The defendants by stipulation appearing in the bill of exceptions admit that the insurance policies were in full force and effect. In their brief they state that the question for determination is as follows: "The only question involved on appeal, as we view it, is whether the decision and judgment of the trial court is supported by the evidence."

Notwithstanding, therefore, the numerous assignments of error, the only question to be considered is that of whether or not the decision is supported by the evidence, or, as applied to this case, was the court, on the evidence, justified in finding in favor of the defendants?

As has been pointed out this is an action at law and on the trial a jury was waived. In such a case the well-established rule for the consideration of evidence is as follows: "Findings of court in a law action in which a jury is waived have the effect of *552 a verdict of a jury and will not be disturbed unless clearly wrong." Foltz v. Brakhage, 151 Neb. 216, 36 N.W.2d 768. See, also, Cotner College v. Estate of Hester, 155 Neb. 279, 51 N.W.2d 612; Scottsbluff Nat. Bank v. Blue J Feeds, Inc., 156 Neb. 65, 54 N.W.2d 392; Grant v. Williams, 158 Neb. 107, 62 N.W.2d 532.

Also in an action at law where a jury has been waived it is not the province of this court to resolve conflicts or to weigh evidence. If there is a conflict in the evidence this court in reviewing the judgment rendered will presume that controverted facts were decided by the trial court in favor of the successful party and the findings will not be disturbed unless clearly wrong. See Grant v. Williams, supra.

In the examination of the record on appeal for the purpose of ascertaining whether or not a finding of fact and a judgment thereon may be sustained a subject for consideration is that of whether or not the evidence adduced responds to the issues made by the pleadings. See, Bauer v. Wood, 144 Neb. 14, 12 N.W.2d 118; National Fire Ins. Co. v. Evertson, 153 Neb. 854, 46 N.W.2d 489; Benson v. Walker, 157 Neb. 436, 59 N.W.2d 739.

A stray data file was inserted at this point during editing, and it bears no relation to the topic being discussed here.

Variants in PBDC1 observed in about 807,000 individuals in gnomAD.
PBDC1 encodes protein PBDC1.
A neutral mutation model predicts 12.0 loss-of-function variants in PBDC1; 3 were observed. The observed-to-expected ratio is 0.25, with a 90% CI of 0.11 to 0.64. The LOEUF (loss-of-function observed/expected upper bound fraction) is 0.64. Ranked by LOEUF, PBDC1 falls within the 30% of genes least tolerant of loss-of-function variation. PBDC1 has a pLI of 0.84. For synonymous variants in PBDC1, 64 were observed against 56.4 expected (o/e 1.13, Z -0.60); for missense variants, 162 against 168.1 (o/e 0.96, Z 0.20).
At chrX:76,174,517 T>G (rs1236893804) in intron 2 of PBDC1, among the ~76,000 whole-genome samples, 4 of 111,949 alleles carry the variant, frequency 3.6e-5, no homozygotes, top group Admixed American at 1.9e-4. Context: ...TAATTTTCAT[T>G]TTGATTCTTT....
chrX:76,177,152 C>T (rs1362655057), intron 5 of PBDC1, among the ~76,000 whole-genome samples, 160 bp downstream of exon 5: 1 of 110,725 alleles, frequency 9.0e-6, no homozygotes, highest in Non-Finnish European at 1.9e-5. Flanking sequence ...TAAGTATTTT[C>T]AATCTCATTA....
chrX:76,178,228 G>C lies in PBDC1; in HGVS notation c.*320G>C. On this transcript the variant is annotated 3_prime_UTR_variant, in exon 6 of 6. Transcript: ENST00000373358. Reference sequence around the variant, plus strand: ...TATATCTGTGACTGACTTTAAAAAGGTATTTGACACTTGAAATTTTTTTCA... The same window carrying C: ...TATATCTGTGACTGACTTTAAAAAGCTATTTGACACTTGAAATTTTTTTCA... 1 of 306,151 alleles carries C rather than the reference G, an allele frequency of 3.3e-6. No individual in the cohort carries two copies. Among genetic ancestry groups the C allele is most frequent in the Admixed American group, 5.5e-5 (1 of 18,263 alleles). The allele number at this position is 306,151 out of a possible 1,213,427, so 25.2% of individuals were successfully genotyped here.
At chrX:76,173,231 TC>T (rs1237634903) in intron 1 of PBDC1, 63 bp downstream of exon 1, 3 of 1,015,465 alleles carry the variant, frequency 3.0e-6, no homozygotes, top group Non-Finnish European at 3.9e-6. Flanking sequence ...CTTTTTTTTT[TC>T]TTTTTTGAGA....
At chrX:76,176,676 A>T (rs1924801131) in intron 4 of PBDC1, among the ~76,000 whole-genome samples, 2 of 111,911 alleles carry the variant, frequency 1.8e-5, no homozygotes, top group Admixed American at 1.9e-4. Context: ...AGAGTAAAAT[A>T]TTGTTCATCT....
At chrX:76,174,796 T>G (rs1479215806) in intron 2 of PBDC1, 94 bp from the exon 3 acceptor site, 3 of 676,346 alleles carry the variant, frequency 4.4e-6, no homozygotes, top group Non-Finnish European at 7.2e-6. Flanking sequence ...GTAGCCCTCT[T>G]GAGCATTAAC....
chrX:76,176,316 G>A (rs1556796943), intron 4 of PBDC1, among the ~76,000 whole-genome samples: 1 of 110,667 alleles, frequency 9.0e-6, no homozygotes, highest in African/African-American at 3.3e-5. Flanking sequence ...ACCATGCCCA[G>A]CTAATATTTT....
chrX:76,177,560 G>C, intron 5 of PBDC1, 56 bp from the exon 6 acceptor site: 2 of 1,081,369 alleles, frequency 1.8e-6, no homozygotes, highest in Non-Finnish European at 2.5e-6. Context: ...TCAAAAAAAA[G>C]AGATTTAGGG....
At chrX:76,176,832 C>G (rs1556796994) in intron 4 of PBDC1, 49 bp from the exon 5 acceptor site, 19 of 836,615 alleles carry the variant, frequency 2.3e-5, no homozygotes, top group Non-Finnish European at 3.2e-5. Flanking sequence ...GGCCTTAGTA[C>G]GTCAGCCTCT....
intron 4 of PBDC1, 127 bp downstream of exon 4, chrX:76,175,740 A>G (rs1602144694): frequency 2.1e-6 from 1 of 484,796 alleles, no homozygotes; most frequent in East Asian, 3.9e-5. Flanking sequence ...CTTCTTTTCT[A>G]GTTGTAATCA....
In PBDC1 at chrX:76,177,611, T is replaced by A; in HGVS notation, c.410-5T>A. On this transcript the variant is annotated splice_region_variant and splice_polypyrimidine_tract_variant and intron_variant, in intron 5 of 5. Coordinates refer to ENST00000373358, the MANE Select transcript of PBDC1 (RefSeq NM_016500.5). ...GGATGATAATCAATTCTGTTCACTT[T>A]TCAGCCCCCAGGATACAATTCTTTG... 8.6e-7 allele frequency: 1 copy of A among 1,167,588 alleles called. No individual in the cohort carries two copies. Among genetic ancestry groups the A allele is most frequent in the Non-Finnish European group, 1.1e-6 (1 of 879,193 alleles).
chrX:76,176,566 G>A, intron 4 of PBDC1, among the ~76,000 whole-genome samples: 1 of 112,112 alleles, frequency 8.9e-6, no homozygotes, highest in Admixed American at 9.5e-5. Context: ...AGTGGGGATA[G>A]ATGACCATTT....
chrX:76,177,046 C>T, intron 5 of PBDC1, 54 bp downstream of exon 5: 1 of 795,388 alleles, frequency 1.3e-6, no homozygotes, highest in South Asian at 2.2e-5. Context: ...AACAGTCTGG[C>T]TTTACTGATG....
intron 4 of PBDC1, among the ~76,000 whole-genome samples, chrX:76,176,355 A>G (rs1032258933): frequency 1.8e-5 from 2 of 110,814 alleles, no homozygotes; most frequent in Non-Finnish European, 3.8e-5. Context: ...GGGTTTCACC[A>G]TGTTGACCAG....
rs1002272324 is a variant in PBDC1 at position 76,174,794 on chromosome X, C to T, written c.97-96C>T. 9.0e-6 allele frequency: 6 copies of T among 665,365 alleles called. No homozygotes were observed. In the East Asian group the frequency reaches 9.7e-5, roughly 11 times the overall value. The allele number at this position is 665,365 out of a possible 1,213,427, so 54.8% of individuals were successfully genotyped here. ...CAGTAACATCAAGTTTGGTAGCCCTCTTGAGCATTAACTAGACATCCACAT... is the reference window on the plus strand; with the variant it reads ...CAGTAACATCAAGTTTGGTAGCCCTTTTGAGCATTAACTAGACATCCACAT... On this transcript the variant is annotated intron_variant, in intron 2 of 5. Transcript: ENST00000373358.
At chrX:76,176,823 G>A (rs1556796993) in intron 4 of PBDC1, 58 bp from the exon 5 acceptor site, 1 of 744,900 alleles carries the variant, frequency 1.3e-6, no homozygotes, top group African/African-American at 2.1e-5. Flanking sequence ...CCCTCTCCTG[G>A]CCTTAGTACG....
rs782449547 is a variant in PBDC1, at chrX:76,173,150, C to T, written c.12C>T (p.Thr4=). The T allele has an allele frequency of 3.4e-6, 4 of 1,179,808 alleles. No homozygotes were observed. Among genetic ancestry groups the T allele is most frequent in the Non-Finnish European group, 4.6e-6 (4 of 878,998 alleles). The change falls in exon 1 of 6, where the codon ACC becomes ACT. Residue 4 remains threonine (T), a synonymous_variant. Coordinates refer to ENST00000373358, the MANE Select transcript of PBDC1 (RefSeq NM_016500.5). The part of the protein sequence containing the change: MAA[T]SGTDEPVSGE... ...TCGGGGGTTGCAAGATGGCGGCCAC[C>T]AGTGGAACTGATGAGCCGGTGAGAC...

In order to make a determination upon the issue presented it becomes necessary to examine the record in the light of these rules.

Testimony to sustain the action of plaintiffs was given by C. G. Wallace, one of the plaintiffs. He testified substantially that on the 27th or 28th of April 1953, he was on an inspection trip of the building in question and while on this trip be observed the operation of a tractor in which an attempt was made to hook onto a semi-trailer which was standing at the location where deliveries of bakery goods were made; that on the first effort the connection was not successful but that on the second or third attempt it was; that in the backward movements to make the connection there was a jam so hard that it attracted his attention; and that he then made an examination which disclosed that the south wall was cracked on the south side, the center of the center door was cracked, the north door with the cement base was cracked, the wall was pushed in near the center about 5 inches which pulled the wall from the main building, the wall above the lintels of the center door was cracked, toward the south end of the west wall the wall was cracked from the south wall down to the lintel, that at the center of the west wall there was a crack from the lintel up to the cap of the wall at the top above the roof, that the wall below the cement lintel of the door was pushed in, and the door was pushed in about 5 inches.

There was other evidence that the condition described by this witness existed after the dates mentioned and none that it did not. There was competent evidence that the reasonable cost of repair would be $1,960.